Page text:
BAT Science - Novel nanoporous carbon twice as effective at trapping toxic volatile smoke compounds as traditional filter carbon

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Novel nanoporous carbon twice as effective at trapping toxic volatile smoke compounds as traditional filter carbon

4 July 2011

A novel, synthetic active carbon was found to be twice as effective at adsorbing toxic volatile compounds from cigarette smoke as standard carbon filter material in laboratory tests.

Polymer-derived carbon The carbon, which is described in the journal Adsorption Science & Technology, is a spherical high performance adsorbent made by Blücher. This synthetic carbon with an internal nanostructure that has been optimised to produce a highly efficient material for the selective filtration of volatile cigarette smoke toxicants. The carbon used in one cigarette filter has an internal volume equivalent to one drop of water and a huge internal surface area equivalent to 1/3rd the area of a tennis court.

This research is part of an effort by scientists at British American Tobacco to develop innovative technologies to reduce toxicant levels in smoke. This is an essential part of a research programme that seeks to reduce toxicant exposure in smokers and then determine whether this has any impact on the risk of developing smoking-related diseases. Standard cigarette filters are made from cellulose acetate, a cotton-like material derived from wood cellulose. Carbon (often referred to as charcoal) can be added to improve the filter’s ability to reduce certain volatile smoke constituents. The carbon typically used is derived from coconut shells.

The new carbon is derived from a polymer and has a bimodal pore size distribution with micropores (<2 nm in diameter) to trap the smoke toxicants and larger (3-80 nm pore diameter) ‘transport’ pores that are especially useful when the flow rate is high (such as those encountered during smoking).

‘The smoke moves through the filter at speed,’ explains Peter Branton, a senior scientist at British American Tobacco. ‘Without the larger transport pores to guide the toxicant molecules into the smaller pores, getting them in there would be a bit like trying to park a car at right angles whilst driving at speed,’ he says.’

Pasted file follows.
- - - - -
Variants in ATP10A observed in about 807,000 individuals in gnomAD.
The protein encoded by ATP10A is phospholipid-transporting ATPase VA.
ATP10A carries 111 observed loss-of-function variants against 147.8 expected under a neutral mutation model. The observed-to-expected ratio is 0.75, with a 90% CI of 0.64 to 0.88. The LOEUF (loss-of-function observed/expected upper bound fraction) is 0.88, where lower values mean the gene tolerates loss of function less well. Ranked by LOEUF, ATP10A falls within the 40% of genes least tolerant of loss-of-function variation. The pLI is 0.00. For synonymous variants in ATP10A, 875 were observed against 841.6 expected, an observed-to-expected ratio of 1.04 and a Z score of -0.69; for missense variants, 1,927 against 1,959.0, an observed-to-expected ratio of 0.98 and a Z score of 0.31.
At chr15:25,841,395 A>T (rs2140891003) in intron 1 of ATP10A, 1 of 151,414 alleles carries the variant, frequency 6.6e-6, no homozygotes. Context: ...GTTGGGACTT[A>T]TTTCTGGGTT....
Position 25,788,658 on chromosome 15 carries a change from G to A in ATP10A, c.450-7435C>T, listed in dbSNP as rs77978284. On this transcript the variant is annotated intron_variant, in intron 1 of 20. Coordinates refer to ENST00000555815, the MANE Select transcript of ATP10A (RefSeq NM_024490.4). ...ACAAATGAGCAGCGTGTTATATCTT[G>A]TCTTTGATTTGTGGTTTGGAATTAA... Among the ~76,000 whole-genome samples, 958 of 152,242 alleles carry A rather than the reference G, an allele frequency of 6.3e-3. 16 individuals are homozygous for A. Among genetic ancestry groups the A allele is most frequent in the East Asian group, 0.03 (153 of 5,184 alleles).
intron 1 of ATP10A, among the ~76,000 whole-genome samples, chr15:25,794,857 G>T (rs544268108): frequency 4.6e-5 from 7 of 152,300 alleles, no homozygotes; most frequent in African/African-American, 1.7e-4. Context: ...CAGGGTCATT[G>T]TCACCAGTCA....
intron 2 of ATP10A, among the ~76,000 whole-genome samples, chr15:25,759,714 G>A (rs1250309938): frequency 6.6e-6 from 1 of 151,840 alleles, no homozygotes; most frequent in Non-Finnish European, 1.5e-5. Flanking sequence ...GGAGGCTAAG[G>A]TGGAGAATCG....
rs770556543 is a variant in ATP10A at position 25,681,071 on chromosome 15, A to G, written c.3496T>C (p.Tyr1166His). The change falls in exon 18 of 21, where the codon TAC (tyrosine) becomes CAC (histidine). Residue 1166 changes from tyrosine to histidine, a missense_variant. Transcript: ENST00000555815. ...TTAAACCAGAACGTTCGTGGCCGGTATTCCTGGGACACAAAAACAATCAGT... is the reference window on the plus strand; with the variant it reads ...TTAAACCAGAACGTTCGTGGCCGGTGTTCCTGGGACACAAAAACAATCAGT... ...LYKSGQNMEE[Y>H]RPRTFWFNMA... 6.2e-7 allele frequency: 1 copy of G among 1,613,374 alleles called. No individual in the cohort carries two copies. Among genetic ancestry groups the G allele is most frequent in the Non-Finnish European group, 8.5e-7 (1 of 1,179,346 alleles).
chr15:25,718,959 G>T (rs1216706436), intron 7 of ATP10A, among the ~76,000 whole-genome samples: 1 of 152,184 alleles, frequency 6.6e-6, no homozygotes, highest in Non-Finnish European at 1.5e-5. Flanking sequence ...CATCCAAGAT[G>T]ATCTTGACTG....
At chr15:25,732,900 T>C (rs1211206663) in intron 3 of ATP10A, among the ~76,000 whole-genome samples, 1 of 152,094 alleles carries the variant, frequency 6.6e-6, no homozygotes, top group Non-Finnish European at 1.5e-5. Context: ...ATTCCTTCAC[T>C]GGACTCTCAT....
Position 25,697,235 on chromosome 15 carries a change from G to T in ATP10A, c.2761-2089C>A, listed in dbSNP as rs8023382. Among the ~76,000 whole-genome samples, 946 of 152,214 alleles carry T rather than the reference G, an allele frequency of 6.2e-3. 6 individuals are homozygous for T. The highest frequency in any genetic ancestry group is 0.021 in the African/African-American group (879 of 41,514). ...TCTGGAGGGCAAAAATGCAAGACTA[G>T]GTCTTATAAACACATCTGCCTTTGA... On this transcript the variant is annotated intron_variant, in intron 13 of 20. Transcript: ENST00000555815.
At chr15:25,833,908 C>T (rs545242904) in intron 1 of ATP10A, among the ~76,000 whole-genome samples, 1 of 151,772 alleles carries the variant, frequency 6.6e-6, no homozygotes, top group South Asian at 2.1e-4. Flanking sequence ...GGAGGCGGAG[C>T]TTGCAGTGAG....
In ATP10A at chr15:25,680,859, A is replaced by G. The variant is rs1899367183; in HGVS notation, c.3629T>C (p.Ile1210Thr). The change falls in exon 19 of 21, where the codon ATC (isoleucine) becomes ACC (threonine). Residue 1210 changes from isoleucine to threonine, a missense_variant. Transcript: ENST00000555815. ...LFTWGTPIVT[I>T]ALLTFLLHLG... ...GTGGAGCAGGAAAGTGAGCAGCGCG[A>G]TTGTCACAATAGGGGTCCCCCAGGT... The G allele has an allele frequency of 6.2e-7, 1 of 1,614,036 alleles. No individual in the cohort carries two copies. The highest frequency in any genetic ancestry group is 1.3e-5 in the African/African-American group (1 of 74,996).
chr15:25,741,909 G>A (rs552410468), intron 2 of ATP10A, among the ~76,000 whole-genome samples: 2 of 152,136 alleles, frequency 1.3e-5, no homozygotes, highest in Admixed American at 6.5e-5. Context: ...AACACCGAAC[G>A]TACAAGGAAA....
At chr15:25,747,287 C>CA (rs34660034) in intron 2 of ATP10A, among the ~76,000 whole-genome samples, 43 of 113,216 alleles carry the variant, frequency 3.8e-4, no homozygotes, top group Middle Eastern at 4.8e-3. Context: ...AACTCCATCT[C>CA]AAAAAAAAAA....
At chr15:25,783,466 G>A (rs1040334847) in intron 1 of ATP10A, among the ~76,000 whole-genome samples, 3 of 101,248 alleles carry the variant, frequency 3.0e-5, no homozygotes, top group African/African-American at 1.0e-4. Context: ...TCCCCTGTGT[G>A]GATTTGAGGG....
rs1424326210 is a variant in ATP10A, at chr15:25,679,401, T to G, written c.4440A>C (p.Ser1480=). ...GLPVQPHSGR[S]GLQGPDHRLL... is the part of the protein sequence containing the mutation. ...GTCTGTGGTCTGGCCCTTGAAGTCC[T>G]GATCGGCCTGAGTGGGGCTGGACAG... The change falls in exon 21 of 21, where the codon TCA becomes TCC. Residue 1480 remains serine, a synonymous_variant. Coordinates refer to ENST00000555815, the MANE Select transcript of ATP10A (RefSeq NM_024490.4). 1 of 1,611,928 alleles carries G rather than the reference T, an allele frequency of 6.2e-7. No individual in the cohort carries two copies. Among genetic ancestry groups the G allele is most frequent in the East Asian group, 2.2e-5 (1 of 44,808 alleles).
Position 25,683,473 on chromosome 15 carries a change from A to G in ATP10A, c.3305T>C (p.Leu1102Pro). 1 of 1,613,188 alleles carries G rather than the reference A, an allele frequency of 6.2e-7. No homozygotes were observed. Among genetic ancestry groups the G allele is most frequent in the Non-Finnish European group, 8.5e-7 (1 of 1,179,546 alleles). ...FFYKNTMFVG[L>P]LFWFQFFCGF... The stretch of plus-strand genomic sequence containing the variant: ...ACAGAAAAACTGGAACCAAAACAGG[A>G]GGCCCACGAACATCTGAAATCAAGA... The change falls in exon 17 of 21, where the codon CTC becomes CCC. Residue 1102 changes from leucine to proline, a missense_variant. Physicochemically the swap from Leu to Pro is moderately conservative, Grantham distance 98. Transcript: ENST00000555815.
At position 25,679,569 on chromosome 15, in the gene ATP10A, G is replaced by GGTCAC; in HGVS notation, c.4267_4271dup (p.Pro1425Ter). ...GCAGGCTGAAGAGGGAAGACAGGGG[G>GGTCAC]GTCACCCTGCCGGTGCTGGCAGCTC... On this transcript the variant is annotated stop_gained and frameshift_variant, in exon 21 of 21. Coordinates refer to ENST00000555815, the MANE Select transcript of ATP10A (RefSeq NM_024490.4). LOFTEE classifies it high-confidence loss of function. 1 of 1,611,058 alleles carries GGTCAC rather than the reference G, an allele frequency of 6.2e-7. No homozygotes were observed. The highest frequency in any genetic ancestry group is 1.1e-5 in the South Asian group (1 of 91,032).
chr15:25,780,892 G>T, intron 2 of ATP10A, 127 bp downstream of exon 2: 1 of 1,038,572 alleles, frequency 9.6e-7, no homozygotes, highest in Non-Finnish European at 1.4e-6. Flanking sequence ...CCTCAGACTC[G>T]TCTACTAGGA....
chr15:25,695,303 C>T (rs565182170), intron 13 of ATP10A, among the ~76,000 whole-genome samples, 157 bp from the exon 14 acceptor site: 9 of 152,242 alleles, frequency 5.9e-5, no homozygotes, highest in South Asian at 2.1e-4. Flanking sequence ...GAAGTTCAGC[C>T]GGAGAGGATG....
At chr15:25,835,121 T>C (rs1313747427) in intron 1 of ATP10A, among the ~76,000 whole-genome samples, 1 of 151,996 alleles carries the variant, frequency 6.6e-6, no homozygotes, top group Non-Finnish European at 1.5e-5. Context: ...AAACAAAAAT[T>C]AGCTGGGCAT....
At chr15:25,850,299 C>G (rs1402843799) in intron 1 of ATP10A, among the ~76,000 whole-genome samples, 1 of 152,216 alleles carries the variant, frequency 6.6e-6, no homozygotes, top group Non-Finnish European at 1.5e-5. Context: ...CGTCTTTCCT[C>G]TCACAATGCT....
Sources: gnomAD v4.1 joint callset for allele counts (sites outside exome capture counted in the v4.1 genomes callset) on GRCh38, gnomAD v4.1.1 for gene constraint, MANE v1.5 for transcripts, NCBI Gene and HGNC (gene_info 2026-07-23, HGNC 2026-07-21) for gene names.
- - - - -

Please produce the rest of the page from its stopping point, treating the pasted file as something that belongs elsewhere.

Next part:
Tests using 60mg (equivalent to 1/70th of a teaspoon of sugar) of carbon in the cigarette filter can improve the filtration efficiency of certain smoke toxicants by as much as 60% compared to the existing coconut-shell derived carbon used. Even under intensive machine smoking, improvements are observed, for example a 50% reduction in benzene and a 15% reduction in formaldehyde levels.

Chris Proctor, Chief Scientific Officer at British American Tobacco, cautions, however, that: ‘Even if you can reduce the levels of a significant number of toxicants in tobacco smoke, there is no guarantee that this will result in reduced exposure in people or result in a reduction in health risks.’ This is why scientists at British American Tobacco are testing prototype cigarettes made using this highly activated carbon in clinical studies in Germany to determine whether reductions in toxicant levels seen in smoking machine tests translate to reduced exposure levels in smokers.

Traditional activated carbon is produced by charring coconut shell at 300-500oC and then activating it in a rotary kiln at 900-950ºC using steam. The resulting carbon is cooled, ground and sieved, resulting in irregular shaped carbon granules of a specified size range. The synthetic activated carbon is produced with indirect heated rotary kilns, under reduced pressure in an inert atmosphere. The polymer feedstock is firstly thermally stabilised using an excess of oleum, after which it is slowly heated to 500°C. The material is then further heated to 900 – 1000°C for activation in steam followed by activation in CO2 which results in the production of uniform, spherical carbon beads containing both micropores and mesopores.

 

 

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